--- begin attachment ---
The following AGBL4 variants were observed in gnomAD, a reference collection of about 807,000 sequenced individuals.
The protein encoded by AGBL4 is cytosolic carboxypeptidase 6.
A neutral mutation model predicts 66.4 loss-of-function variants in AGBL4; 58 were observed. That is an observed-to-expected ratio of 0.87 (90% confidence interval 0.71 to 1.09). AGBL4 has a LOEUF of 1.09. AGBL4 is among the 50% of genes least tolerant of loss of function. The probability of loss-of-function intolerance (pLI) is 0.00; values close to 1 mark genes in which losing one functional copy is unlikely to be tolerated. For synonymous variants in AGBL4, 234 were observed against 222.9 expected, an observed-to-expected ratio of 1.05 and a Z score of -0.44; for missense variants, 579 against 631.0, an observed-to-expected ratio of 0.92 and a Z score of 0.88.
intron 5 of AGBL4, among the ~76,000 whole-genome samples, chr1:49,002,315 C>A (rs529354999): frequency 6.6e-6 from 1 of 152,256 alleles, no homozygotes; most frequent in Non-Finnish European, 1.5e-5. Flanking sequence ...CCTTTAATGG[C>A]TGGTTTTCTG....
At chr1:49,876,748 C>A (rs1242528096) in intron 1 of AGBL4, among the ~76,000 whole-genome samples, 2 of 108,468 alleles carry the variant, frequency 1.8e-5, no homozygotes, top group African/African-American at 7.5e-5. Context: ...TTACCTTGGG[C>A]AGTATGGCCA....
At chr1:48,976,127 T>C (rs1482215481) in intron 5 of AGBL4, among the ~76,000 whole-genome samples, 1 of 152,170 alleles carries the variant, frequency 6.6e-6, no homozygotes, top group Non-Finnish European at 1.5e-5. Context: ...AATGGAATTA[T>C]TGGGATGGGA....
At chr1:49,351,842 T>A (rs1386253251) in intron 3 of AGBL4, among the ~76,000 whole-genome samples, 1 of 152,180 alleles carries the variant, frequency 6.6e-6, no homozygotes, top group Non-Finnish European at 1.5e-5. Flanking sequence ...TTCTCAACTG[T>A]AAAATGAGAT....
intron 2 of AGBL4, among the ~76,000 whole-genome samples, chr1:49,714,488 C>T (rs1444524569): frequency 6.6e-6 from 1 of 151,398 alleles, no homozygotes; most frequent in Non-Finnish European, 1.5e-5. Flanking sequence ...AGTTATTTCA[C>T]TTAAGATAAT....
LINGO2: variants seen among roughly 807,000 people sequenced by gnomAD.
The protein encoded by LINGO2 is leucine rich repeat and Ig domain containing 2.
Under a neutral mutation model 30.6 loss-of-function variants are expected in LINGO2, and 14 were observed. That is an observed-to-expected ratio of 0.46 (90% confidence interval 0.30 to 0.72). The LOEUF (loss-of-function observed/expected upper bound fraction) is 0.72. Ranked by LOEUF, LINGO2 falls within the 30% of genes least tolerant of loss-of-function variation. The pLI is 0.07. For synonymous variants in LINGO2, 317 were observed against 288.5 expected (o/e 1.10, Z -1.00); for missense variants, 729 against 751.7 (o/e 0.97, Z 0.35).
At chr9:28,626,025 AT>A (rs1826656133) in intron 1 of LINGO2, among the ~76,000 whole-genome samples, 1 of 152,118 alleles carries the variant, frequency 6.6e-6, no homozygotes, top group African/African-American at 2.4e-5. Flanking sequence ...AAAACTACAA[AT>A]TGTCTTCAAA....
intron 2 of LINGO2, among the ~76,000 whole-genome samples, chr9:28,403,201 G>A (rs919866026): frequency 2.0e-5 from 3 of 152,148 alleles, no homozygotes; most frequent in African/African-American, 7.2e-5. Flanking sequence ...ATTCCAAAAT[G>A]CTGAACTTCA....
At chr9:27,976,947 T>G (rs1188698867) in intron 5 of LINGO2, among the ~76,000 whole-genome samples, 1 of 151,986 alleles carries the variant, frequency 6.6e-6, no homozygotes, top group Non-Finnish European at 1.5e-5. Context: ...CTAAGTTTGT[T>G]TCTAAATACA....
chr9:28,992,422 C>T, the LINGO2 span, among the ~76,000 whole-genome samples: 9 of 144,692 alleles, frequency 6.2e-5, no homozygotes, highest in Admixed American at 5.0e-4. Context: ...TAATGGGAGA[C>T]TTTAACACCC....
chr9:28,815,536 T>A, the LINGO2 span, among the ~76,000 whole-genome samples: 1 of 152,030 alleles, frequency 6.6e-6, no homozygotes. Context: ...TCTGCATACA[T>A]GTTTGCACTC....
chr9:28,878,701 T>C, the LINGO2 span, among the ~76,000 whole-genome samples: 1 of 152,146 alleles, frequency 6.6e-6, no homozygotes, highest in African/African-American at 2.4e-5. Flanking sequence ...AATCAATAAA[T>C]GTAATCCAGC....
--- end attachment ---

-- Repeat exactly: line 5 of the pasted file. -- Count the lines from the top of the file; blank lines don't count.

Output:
At chr1:49,876,748 C>A (rs1242528096) in intron 1 of AGBL4, among the ~76,000 whole-genome samples, 2 of 108,468 alleles carry the variant, frequency 1.8e-5, no homozygotes, top group African/African-American at 7.5e-5. Context: ...TTACCTTGGG[C>A]AGTATGGCCA....